Proving that open space isn't only for white suburbanites, Rep. Hilda Solis, D-Calif., has pushed her San Gabriel River Watersheds Study Act through the House (HCN, 8/5/02: L.A.'s rivers get some respect). Solis' bill, which would study the creation of an urban National Park in her North Los Angeles district, could make it to the Senate by the end of the year.

It took a helicopter and 30 federal agents on horseback to remove 227 cattle belonging to Western Shoshone sisters Mary and Carrie Dann from BLM land in northeast Nevada (HCN, 8/5/02: Land or money?). Because the sisters didn't remove them by a mid-September deadline, the cattle were seized and will now be sold. But there's no word on how many federal agents it will take to find the 60 head still roaming the sagebrush.

Secretary Gale Norton has resurrected a proposed 1,600-acre cyanide heap-leach gold mine on BLM land sacred to the Quechan tribe in California's Mojave Desert. Norton has ordered a review of former Interior Secretary Bruce Babbitt's denial of the project. The tribe, with support from the state Legislature and Sen. Barbara Boxer, D-Calif., has been fighting the mine since 1998 (HCN, 12/17/01: Gold may bury tribe's path to its past).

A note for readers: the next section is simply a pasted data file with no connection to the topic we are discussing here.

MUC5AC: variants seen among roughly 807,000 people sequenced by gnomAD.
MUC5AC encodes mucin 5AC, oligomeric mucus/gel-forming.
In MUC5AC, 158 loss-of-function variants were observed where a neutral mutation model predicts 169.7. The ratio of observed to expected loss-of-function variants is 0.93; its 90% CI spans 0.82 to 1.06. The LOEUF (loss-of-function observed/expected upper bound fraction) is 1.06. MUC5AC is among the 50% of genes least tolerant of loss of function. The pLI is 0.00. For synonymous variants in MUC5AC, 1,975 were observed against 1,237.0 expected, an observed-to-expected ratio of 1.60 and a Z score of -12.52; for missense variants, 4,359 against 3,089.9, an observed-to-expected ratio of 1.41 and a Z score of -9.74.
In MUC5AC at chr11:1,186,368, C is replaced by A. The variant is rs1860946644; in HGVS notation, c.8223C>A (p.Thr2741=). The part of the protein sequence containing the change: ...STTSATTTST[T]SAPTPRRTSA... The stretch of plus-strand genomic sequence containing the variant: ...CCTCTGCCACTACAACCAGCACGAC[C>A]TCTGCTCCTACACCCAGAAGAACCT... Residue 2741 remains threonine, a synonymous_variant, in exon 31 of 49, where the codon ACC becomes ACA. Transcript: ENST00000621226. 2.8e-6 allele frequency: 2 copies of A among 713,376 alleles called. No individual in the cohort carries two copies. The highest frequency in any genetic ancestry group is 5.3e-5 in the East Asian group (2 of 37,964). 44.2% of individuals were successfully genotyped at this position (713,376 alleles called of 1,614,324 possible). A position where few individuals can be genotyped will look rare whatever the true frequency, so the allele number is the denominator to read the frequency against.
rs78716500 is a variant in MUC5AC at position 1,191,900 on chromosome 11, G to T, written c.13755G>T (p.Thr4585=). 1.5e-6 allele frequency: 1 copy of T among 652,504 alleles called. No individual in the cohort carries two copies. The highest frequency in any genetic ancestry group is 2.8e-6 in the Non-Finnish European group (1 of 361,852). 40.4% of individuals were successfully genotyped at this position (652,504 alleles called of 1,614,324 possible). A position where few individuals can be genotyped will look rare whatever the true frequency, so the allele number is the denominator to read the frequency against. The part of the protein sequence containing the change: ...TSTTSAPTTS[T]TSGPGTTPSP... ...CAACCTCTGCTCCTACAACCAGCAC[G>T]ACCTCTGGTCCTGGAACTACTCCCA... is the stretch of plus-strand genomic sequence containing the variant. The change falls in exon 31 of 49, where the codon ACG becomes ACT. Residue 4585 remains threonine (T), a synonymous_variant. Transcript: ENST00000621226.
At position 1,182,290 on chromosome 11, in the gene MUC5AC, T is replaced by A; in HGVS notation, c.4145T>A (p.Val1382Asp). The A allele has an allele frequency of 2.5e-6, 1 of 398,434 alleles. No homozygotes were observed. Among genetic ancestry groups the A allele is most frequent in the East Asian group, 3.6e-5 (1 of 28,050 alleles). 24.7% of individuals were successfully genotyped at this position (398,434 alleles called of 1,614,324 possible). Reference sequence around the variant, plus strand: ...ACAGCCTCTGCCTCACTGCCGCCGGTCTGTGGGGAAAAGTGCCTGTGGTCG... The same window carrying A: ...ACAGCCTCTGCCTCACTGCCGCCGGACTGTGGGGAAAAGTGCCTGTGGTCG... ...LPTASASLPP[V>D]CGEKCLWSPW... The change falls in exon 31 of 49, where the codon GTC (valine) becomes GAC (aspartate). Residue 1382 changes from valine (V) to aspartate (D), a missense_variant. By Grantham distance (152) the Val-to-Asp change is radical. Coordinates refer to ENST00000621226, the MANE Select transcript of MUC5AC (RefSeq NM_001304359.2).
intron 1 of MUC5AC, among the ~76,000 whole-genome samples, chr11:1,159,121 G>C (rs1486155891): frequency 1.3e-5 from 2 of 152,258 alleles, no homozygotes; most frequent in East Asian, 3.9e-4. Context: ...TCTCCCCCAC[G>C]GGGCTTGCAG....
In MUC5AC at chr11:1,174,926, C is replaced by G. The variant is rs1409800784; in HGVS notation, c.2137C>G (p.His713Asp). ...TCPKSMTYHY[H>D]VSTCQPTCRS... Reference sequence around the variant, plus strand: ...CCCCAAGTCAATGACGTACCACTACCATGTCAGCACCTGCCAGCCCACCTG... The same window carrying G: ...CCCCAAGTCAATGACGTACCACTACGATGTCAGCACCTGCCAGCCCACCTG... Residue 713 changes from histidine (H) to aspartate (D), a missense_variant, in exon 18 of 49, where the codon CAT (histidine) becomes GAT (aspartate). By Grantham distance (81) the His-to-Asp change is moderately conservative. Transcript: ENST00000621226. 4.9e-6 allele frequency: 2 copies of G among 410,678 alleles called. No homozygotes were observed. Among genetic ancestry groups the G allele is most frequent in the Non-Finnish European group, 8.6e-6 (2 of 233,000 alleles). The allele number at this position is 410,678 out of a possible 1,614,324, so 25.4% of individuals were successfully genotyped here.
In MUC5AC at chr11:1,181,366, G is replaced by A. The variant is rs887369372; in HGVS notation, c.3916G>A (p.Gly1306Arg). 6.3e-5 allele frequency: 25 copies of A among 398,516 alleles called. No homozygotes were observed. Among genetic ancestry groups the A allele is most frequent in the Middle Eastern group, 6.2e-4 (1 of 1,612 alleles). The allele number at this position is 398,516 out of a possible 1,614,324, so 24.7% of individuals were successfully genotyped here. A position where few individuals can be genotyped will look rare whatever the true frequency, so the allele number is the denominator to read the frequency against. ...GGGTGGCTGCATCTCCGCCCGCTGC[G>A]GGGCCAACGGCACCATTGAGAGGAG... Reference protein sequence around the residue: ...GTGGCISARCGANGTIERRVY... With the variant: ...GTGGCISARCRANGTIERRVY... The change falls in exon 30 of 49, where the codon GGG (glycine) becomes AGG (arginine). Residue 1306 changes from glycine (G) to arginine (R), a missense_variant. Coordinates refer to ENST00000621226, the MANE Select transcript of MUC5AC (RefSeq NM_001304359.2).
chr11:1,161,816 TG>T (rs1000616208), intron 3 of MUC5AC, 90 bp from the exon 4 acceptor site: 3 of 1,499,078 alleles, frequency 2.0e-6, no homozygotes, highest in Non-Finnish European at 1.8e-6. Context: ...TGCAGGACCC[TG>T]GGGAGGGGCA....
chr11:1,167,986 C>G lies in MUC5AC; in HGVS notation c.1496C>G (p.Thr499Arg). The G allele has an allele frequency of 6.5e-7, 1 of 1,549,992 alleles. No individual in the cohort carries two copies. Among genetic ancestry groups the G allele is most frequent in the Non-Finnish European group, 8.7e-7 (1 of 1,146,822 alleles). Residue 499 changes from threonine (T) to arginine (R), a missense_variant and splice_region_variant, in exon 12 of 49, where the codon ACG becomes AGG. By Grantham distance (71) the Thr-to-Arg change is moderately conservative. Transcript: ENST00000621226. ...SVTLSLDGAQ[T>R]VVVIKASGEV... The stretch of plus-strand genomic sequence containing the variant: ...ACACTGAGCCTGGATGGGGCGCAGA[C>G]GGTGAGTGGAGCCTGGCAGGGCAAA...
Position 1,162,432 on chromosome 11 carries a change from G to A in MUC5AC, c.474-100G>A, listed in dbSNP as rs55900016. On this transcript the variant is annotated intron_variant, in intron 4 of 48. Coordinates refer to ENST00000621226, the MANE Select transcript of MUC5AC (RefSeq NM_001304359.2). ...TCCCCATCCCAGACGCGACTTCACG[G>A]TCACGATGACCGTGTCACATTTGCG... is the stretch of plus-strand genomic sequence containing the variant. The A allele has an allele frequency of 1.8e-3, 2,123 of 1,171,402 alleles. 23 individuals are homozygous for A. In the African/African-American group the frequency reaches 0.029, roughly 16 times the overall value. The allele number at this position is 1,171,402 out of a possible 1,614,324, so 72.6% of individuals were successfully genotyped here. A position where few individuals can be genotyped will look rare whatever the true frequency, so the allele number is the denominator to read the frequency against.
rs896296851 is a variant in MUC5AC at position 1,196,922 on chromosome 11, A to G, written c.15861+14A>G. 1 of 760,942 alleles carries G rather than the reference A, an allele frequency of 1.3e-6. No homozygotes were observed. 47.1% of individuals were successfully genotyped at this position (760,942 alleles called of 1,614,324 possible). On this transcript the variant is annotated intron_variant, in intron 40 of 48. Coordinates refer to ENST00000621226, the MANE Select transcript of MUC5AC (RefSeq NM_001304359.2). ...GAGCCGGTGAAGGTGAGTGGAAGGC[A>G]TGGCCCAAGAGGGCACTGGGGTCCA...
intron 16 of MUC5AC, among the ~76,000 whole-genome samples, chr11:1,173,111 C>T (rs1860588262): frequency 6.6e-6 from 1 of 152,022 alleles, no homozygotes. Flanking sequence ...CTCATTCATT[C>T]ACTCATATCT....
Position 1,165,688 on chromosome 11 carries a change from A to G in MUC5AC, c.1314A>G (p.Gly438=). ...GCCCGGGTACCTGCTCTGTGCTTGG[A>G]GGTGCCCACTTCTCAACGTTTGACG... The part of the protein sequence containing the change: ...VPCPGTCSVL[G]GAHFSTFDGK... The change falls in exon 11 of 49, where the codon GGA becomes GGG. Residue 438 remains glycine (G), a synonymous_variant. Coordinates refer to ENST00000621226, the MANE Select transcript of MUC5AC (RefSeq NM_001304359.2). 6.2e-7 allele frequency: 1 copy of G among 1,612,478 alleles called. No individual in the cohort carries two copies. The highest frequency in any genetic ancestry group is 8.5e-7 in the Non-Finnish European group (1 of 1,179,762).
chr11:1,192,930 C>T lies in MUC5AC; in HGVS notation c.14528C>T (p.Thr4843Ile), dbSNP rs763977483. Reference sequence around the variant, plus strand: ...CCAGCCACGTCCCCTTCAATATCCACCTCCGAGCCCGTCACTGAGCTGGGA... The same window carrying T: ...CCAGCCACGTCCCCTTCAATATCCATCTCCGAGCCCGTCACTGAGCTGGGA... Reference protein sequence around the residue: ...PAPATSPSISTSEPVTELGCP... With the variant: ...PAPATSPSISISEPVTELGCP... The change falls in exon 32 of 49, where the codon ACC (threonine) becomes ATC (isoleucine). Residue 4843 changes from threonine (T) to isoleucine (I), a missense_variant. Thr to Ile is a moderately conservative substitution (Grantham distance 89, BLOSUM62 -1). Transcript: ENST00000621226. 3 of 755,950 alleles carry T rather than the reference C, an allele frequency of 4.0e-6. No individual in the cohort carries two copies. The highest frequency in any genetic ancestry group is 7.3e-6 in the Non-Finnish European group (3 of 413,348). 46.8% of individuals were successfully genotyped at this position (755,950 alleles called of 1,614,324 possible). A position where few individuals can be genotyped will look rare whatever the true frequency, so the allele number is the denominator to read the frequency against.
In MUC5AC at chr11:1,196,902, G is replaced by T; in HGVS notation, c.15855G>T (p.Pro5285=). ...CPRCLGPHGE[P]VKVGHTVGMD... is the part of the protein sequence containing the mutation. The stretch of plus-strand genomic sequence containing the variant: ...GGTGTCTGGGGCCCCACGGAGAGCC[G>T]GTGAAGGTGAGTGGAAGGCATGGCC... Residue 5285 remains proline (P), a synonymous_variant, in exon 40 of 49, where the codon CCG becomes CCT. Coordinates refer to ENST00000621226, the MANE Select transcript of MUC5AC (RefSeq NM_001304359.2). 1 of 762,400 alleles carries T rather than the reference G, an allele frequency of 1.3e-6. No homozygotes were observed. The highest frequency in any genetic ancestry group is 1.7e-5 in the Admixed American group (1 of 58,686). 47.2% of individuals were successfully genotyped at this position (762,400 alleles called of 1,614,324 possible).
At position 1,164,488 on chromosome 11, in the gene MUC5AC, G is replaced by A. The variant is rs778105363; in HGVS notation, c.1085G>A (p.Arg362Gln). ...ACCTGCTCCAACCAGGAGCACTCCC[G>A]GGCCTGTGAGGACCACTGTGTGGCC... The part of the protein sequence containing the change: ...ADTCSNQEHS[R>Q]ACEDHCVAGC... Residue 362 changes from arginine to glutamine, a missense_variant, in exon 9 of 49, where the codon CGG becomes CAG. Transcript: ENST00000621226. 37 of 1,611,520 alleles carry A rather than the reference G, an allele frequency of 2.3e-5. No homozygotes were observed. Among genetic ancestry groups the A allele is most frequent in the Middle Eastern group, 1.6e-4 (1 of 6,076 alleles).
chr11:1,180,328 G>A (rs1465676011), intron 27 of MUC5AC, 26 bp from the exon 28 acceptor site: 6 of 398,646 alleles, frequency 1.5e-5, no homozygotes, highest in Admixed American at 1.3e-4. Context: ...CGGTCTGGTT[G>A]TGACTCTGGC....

Utah's Rep. Jim Hansen just won't take "no" for an answer in his efforts to sell Martin's Cove in Wyoming to the Mormon church (HCN, 9/30/02: This land holds a story the church won't tell). It became obvious that Hansen's bill to transfer 940-acres of BLM land wasn't going to make it through Congress before he retired at the end of the year. So the Mormon congressman slid the deal through the House by attaching it to a bill that would compensate Sioux Indians for tribal lands lost to federal dam projects.

And, just in case environmentalists weren't feeling gloomy enough these days, what with the recent rash of rollbacks and reversals of environmental regulations, Montana Gov. Judy Martz has a few discouraging words. She told a gathering of the Western Environmental Trade Association * a mining group * that they, in fact were the "true environmentalists," while logging protesters should "get a job" (HCN, 8/5/02: Montana's governor is a poor choice to lead the West).